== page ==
Good Housekeeping Magazine names Fagor Multi and Pressure Cookers winners

Good Housekeeping Magazine names Fagor Multi and Pressure Cookers winners

Multi cookers are often grouped with stove top pressure cookers because they have a program or two that cooks at pressure. But, somehow, comparing an appliance that can do so much more with a stove top pressure cooker that can only pressure cook always seemed a little unfair.

The Good Housekeeping Institute is making it right in this month’s issue by adding a new category to their annual appliance reviews: multi cookers!

“After more than 10 years of perfecting this technology we’re so happy multi-cookers are finally being recognized as a legitimate cookware category,” shares Fagor America’s CEO Patricio Barriga.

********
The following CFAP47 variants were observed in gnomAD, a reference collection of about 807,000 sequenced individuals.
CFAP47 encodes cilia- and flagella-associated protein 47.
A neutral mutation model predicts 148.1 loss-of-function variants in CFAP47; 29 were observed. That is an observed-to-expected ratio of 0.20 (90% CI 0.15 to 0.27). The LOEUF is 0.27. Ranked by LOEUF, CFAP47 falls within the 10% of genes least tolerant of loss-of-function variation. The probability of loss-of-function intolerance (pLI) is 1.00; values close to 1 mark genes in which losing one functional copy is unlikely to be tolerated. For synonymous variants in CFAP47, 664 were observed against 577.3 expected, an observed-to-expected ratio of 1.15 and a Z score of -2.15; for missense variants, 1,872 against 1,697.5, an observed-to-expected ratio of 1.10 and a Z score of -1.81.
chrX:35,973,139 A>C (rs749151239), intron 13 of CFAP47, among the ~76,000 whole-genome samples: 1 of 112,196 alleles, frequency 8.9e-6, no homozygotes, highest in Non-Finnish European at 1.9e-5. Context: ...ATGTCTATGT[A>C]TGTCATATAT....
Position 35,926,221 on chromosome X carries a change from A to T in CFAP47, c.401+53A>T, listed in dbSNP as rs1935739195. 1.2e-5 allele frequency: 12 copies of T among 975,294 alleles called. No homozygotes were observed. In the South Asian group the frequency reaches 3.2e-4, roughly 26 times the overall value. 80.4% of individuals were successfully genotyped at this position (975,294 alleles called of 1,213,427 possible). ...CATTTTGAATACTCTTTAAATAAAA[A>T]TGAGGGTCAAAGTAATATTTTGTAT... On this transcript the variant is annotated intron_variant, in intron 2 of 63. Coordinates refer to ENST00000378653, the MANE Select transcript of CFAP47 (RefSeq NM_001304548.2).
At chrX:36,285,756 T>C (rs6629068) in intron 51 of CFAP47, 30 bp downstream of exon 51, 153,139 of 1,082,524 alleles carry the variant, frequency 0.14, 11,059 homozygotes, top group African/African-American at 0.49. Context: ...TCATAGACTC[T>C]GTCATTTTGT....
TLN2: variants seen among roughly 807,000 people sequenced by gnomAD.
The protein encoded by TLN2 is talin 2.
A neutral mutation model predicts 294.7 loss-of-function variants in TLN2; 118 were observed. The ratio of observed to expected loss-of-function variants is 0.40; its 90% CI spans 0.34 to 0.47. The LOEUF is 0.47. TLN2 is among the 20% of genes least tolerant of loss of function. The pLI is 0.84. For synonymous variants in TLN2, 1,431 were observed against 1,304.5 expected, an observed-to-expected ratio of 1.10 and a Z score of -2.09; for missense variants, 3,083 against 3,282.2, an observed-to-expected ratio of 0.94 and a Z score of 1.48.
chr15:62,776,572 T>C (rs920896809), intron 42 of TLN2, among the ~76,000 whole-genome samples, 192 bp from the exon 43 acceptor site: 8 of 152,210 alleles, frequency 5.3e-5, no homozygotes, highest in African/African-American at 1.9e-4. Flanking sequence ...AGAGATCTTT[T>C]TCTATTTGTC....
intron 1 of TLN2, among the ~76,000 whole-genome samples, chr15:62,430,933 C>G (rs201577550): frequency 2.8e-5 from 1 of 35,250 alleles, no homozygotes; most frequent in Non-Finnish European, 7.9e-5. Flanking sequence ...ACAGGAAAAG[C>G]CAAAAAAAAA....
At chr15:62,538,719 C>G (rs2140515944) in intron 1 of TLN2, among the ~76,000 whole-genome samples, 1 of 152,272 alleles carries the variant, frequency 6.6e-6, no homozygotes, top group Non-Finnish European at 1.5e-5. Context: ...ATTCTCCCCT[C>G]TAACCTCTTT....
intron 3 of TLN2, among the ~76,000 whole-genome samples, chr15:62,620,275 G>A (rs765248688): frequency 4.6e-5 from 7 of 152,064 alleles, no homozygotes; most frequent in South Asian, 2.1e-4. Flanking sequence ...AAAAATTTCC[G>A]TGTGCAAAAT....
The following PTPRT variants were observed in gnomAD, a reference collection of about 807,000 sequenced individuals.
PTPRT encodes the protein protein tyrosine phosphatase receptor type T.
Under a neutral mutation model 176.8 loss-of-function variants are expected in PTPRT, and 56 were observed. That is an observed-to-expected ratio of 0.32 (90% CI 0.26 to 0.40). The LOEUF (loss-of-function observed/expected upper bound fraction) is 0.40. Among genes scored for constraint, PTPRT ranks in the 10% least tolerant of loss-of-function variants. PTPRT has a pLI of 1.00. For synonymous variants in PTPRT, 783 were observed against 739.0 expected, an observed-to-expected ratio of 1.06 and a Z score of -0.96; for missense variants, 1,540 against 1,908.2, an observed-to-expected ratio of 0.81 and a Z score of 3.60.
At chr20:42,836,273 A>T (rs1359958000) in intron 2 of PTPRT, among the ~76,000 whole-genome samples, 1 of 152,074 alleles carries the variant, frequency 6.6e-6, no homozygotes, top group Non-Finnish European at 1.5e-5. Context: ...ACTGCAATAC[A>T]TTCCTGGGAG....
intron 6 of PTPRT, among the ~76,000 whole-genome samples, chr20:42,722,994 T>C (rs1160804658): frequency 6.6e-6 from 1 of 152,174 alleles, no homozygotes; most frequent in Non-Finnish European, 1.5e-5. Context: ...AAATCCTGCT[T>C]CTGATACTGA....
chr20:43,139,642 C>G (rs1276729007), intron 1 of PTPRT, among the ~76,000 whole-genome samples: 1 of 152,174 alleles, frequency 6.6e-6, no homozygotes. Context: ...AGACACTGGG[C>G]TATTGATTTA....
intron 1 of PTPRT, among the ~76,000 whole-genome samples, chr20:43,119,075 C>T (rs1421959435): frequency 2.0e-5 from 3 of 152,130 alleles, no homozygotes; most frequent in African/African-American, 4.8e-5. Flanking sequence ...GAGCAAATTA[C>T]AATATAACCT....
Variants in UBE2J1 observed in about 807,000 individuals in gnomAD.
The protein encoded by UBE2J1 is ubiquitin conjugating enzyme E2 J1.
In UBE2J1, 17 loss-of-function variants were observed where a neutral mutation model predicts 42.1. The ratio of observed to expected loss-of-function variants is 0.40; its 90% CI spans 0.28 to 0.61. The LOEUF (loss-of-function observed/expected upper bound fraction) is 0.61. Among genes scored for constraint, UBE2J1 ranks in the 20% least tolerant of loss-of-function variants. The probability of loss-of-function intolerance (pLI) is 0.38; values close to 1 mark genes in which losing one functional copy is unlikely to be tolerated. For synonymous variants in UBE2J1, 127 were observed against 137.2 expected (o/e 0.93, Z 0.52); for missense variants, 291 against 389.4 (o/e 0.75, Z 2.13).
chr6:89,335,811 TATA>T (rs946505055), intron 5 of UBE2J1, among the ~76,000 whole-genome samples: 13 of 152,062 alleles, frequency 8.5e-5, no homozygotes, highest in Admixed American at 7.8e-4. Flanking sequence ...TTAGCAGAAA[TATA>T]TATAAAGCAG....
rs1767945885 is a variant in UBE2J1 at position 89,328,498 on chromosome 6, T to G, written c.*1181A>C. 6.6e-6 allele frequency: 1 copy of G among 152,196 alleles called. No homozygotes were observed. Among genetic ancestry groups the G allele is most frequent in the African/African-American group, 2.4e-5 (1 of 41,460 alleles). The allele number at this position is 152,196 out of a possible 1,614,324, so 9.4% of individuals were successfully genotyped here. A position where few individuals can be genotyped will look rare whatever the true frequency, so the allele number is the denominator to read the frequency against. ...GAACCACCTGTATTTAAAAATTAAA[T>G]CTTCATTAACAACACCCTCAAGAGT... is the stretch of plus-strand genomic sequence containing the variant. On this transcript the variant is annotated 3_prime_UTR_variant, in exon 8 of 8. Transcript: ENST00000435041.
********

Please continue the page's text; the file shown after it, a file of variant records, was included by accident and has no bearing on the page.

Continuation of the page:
Splitting electric pressure multi cookers into their own section seems like a big deal, so we reached out to the Good Housekeeping Institute (GHI) to find out more.

Sharon Franke, Kitchen Appliances & Technology Director at GHI, revealed a key ingredient of the decision-making process beyond keeping an eye on the market – personal experience.  “When we see a piece of kitchen equipment trending on social media, our friends and family start asking about it, and there are lots of new manufacturers entering the field, we realize it’s something we should take a look at,” says Franke.

And boy, did they.

The 10 multi cookers tested by the Good Housekeeping Institute.

The GHI rounded-up 10 multi cookers and got busy testing the pressure cooking, slow cooking and rice cooking programs. In all the institute cooked 44 pounds of veggies, 68 pounds of meat and 18 cups of rice to evaluate each cooker’s performance, safety and ease of use.